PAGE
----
DOI: 10.5547/ISSN0195-6574-EJ-Vol8-No2-10
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Abstract:
During the period 1978-1980, public policy toward U.S.-regulated utilities mandated residential conservation programs. Public utilities encouraged residential customers to invest in home conservation measures to help meet the national goal of energy security. The actual programs growing out of this legislation can be grouped as information programs (such as the energy audit program), financial incentives or subsidy programs, and direct investment programs. Our focus is on the third type wherein the public utility itself does home-retrofit conservation work (weather stripping, caulking, storm windows and doors, and attic and wall insulation), and the residential customer pays no direct charges. (In Marino and Sicilian (1986) we provide an economic analysis of information and financial incentives programs.) Our principal goals are: (a) to give an economic explanation of why a regulated utility would want to provide conservation measures that reduce the demand for its primary product and (b) to examine whether existing regulatory structure and utility programs are likely to lead to economic efficiency in conservation investment. We also provide an idealized regulatory structure and conservation program that does lead to economic efficiency.



Utilities and Cogeneration: Some Regulatory Problems

Peter Zweifel and Konstantin Beck

Year: 1987
Volume: Volume 8
Number: Number 4
DOI: 10.5547/ISSN0195-6574-EJ-Vol8-No4-1
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Abstract:
Cogeneration-a technology which uses waste heat for electricity generation-has been known for over one hundred years. To be economically viable, it requires that excess electricity be fed into a grid for distribution. In the U.S., utilities have been legally obliged by PURPA legislation (Public Utility Regulation Practices Act) to put their grids at the disposal of electricity suppliers in industry. Nonetheless, cogeneration has recently accounted for no more than 14 percent of electricity used in industry (Anandalingam, 1985). Thus, PURPA legislation may not be enough to open markets to cogenerators.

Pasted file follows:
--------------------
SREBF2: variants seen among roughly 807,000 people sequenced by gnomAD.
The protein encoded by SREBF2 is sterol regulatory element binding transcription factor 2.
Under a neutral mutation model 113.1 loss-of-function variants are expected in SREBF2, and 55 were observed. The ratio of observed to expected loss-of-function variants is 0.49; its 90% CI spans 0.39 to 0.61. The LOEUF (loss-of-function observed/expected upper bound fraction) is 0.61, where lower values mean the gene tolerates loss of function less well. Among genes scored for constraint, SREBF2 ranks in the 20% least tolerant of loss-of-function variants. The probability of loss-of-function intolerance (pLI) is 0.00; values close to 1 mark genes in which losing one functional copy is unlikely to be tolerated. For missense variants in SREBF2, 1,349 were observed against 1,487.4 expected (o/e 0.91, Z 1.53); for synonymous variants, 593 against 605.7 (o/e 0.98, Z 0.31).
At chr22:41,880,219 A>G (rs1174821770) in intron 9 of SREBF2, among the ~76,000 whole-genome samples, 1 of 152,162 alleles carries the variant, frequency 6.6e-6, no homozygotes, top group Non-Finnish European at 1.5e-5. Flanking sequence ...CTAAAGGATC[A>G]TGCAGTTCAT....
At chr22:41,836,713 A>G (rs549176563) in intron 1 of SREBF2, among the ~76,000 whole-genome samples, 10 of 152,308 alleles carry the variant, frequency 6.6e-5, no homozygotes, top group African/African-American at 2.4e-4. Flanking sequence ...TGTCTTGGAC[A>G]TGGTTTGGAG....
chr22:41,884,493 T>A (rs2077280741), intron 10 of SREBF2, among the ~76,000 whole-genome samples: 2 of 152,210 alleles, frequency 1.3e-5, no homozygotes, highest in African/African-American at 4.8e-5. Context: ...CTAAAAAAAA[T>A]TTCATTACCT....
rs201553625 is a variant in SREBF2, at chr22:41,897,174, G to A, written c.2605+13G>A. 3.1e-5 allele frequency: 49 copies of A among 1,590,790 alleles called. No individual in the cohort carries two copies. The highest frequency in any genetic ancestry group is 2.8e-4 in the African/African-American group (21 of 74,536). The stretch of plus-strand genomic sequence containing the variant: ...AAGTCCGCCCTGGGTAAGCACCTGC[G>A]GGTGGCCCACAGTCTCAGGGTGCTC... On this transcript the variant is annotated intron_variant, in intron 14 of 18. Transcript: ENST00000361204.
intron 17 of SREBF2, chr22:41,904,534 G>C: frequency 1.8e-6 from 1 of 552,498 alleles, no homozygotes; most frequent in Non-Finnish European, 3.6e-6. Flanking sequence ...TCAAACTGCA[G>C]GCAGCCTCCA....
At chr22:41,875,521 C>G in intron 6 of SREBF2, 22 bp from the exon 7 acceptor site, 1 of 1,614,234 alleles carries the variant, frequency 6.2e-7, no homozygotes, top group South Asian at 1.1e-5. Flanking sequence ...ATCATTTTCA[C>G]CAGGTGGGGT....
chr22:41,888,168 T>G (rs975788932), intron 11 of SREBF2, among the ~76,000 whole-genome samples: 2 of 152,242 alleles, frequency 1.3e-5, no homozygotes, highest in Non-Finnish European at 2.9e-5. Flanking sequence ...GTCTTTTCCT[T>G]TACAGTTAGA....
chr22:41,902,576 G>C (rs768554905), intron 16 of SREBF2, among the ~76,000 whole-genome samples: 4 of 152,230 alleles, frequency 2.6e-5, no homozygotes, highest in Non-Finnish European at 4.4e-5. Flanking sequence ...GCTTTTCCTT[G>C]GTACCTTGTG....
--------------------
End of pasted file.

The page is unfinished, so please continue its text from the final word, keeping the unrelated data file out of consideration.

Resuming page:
An Empirical Test of An Electric Utility Under An Allowable Rate of Return

George J.Y. Hsu and Tser-Yieth Chen

Year: 1990
Volume: Volume 11
Number: Number 3
DOI: 10.5547/ISSN0195-6574-EJ-Vol11-No3-4
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Abstract:
This paper examines a utility's behaviour under the regulatory constraint of a maximum allowable rate of return. The golden rule of production efficiency, i.e. that the marginal productivities of the input factors are equal, is used as our criterion to examine the utility's economic behaviour. Our case study uses a translogproduction function to investigate the production efficiency of the Taiwan Power Company. Two null hypotheses are tested with the results obtained supporting the existence of the A-f effect. The implications of the results are discussed, a comparison with previous studies is presented, and suggestions for further research are made.